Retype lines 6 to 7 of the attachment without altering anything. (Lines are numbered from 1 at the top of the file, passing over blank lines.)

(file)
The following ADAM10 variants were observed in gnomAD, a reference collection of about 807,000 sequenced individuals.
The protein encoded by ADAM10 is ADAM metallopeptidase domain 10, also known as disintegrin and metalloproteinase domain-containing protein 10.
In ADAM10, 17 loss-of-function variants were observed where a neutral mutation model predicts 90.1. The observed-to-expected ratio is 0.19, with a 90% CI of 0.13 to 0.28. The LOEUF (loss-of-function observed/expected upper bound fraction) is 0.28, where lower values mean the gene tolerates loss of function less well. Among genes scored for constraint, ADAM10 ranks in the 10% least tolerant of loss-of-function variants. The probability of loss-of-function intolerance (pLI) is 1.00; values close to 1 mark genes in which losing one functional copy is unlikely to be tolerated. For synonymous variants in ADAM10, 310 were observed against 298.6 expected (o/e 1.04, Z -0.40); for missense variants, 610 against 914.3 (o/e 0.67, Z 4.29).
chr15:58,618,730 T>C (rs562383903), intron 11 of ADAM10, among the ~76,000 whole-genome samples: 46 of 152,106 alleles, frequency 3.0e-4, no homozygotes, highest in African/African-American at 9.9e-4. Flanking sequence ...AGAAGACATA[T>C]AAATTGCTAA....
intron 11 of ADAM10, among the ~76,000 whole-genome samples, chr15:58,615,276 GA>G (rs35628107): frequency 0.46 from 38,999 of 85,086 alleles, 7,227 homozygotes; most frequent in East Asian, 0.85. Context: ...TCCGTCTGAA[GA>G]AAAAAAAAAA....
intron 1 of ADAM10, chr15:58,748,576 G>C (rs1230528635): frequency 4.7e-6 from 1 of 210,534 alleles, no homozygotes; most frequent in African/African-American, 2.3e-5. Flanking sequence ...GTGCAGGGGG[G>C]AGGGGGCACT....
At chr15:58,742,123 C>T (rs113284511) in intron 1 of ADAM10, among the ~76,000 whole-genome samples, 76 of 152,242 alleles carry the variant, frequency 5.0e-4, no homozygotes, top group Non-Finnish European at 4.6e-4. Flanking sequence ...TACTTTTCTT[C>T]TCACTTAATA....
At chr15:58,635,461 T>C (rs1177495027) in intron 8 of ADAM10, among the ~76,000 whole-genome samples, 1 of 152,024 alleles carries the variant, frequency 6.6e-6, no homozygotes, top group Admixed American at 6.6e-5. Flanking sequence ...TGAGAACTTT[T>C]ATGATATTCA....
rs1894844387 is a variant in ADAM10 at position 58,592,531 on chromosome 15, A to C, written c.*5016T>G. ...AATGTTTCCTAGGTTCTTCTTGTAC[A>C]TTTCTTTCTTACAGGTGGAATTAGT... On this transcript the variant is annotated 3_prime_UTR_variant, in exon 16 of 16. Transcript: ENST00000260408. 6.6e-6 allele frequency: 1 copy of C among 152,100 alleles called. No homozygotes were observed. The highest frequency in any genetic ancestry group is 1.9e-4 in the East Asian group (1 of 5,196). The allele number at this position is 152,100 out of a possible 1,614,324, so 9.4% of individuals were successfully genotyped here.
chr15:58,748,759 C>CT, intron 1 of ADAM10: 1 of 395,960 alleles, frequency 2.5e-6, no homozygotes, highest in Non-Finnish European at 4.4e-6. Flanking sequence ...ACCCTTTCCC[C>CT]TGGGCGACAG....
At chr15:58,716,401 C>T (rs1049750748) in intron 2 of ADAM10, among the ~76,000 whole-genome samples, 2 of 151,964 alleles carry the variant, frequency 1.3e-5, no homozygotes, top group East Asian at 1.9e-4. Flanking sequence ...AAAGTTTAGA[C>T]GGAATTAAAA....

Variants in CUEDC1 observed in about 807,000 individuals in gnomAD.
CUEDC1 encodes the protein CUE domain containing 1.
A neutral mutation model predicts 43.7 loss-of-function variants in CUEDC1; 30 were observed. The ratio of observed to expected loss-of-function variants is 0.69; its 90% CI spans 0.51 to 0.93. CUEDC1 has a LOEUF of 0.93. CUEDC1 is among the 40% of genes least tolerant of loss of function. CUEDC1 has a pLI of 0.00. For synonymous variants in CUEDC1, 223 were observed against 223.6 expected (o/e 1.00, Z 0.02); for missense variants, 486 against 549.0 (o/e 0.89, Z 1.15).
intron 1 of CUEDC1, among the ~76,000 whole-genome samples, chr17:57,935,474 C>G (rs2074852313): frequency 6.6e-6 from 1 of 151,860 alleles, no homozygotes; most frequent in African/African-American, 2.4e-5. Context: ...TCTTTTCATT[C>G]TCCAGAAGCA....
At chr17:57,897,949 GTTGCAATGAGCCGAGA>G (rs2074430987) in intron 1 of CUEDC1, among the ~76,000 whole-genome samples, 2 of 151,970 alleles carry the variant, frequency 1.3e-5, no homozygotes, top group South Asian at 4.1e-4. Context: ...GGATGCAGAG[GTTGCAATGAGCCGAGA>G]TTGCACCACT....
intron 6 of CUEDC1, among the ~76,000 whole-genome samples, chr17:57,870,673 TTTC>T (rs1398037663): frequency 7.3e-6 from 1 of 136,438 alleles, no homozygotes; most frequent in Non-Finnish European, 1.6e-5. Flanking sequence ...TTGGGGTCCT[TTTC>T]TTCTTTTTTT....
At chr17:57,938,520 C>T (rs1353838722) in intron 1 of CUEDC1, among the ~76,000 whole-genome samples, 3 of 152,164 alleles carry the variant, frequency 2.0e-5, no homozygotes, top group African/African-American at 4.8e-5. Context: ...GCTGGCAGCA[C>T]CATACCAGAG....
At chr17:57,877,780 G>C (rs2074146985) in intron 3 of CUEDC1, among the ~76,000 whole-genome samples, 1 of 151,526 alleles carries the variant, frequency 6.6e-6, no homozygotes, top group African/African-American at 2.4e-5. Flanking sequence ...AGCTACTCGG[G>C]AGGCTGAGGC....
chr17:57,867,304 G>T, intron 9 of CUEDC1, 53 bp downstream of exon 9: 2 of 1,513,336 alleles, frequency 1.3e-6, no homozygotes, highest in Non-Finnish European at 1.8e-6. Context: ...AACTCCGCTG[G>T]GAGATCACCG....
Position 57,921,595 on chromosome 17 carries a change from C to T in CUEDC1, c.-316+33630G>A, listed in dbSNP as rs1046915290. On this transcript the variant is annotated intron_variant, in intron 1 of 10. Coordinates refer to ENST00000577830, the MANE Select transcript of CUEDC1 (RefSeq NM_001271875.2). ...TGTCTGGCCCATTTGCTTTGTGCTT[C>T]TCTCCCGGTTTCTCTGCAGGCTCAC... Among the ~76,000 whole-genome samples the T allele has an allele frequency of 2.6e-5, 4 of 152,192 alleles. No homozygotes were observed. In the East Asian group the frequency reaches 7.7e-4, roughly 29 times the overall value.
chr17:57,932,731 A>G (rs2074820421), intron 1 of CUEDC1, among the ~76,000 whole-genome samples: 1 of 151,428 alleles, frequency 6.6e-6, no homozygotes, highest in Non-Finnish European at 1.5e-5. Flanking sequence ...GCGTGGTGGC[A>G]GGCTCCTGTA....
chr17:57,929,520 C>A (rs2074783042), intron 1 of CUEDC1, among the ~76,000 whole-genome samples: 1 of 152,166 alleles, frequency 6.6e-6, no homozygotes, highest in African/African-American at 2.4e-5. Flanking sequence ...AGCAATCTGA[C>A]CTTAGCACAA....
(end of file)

intron 1 of ADAM10, chr15:58,748,576 G>C (rs1230528635): frequency 4.7e-6 from 1 of 210,534 alleles, no homozygotes; most frequent in African/African-American, 2.3e-5. Flanking sequence ...GTGCAGGGGG[G>C]AGGGGGCACT....
At chr15:58,742,123 C>T (rs113284511) in intron 1 of ADAM10, among the ~76,000 whole-genome samples, 76 of 152,242 alleles carry the variant, frequency 5.0e-4, no homozygotes, top group Non-Finnish European at 4.6e-4. Flanking sequence ...TACTTTTCTT[C>T]TCACTTAATA....